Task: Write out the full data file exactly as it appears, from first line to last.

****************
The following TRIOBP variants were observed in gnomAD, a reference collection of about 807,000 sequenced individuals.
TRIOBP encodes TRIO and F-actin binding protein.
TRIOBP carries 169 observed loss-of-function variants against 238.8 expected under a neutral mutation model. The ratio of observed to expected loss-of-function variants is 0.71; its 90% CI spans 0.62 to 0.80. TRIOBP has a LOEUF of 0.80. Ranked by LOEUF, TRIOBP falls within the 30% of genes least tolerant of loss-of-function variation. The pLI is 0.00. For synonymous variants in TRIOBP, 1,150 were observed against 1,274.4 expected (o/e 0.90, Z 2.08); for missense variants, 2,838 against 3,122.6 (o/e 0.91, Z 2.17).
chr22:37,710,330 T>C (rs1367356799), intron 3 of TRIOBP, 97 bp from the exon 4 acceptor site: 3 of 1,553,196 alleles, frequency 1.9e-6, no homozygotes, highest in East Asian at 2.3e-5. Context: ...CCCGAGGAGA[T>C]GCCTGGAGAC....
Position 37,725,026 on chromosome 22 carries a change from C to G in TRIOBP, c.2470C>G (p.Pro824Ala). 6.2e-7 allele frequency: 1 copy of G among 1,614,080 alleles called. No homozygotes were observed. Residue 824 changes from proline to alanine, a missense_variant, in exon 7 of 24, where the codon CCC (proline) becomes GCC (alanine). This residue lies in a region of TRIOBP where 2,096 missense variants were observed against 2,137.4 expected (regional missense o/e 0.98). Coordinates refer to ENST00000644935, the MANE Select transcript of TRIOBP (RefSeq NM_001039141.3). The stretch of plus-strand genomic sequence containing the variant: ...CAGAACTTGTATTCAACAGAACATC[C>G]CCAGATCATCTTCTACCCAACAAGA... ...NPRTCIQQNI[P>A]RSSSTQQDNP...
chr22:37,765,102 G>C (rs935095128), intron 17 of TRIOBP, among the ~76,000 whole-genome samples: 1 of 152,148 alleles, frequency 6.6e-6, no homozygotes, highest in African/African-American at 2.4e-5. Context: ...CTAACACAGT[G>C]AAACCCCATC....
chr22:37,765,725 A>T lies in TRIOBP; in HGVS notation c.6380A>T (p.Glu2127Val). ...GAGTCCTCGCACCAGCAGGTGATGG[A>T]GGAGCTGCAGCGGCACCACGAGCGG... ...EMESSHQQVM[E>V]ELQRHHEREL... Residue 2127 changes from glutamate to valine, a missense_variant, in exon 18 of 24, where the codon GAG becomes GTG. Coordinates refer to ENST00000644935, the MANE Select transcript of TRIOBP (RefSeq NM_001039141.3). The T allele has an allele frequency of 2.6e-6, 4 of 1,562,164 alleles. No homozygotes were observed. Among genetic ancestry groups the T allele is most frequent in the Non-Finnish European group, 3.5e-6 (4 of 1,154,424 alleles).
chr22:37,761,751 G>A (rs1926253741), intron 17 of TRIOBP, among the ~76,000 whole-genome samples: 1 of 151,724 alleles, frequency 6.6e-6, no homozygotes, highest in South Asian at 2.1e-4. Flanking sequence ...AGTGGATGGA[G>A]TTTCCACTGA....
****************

The following TRIOBP variants were observed in gnomAD, a reference collection of about 807,000 sequenced individuals.
TRIOBP encodes TRIO and F-actin binding protein.
TRIOBP carries 169 observed loss-of-function variants against 238.8 expected under a neutral mutation model. The ratio of observed to expected loss-of-function variants is 0.71; its 90% CI spans 0.62 to 0.80. TRIOBP has a LOEUF of 0.80. Ranked by LOEUF, TRIOBP falls within the 30% of genes least tolerant of loss-of-function variation. The pLI is 0.00. For synonymous variants in TRIOBP, 1,150 were observed against 1,274.4 expected (o/e 0.90, Z 2.08); for missense variants, 2,838 against 3,122.6 (o/e 0.91, Z 2.17).
chr22:37,710,330 T>C (rs1367356799), intron 3 of TRIOBP, 97 bp from the exon 4 acceptor site: 3 of 1,553,196 alleles, frequency 1.9e-6, no homozygotes, highest in East Asian at 2.3e-5. Context: ...CCCGAGGAGA[T>C]GCCTGGAGAC....
Position 37,725,026 on chromosome 22 carries a change from C to G in TRIOBP, c.2470C>G (p.Pro824Ala). 6.2e-7 allele frequency: 1 copy of G among 1,614,080 alleles called. No homozygotes were observed. Residue 824 changes from proline to alanine, a missense_variant, in exon 7 of 24, where the codon CCC (proline) becomes GCC (alanine). This residue lies in a region of TRIOBP where 2,096 missense variants were observed against 2,137.4 expected (regional missense o/e 0.98). Coordinates refer to ENST00000644935, the MANE Select transcript of TRIOBP (RefSeq NM_001039141.3). The stretch of plus-strand genomic sequence containing the variant: ...CAGAACTTGTATTCAACAGAACATC[C>G]CCAGATCATCTTCTACCCAACAAGA... ...NPRTCIQQNI[P>A]RSSSTQQDNP...
chr22:37,765,102 G>C (rs935095128), intron 17 of TRIOBP, among the ~76,000 whole-genome samples: 1 of 152,148 alleles, frequency 6.6e-6, no homozygotes, highest in African/African-American at 2.4e-5. Context: ...CTAACACAGT[G>C]AAACCCCATC....
chr22:37,765,725 A>T lies in TRIOBP; in HGVS notation c.6380A>T (p.Glu2127Val). ...GAGTCCTCGCACCAGCAGGTGATGG[A>T]GGAGCTGCAGCGGCACCACGAGCGG... ...EMESSHQQVM[E>V]ELQRHHEREL... Residue 2127 changes from glutamate to valine, a missense_variant, in exon 18 of 24, where the codon GAG becomes GTG. Coordinates refer to ENST00000644935, the MANE Select transcript of TRIOBP (RefSeq NM_001039141.3). The T allele has an allele frequency of 2.6e-6, 4 of 1,562,164 alleles. No homozygotes were observed. Among genetic ancestry groups the T allele is most frequent in the Non-Finnish European group, 3.5e-6 (4 of 1,154,424 alleles).
chr22:37,761,751 G>A (rs1926253741), intron 17 of TRIOBP, among the ~76,000 whole-genome samples: 1 of 151,724 alleles, frequency 6.6e-6, no homozygotes, highest in South Asian at 2.1e-4. Flanking sequence ...AGTGGATGGA[G>A]TTTCCACTGA....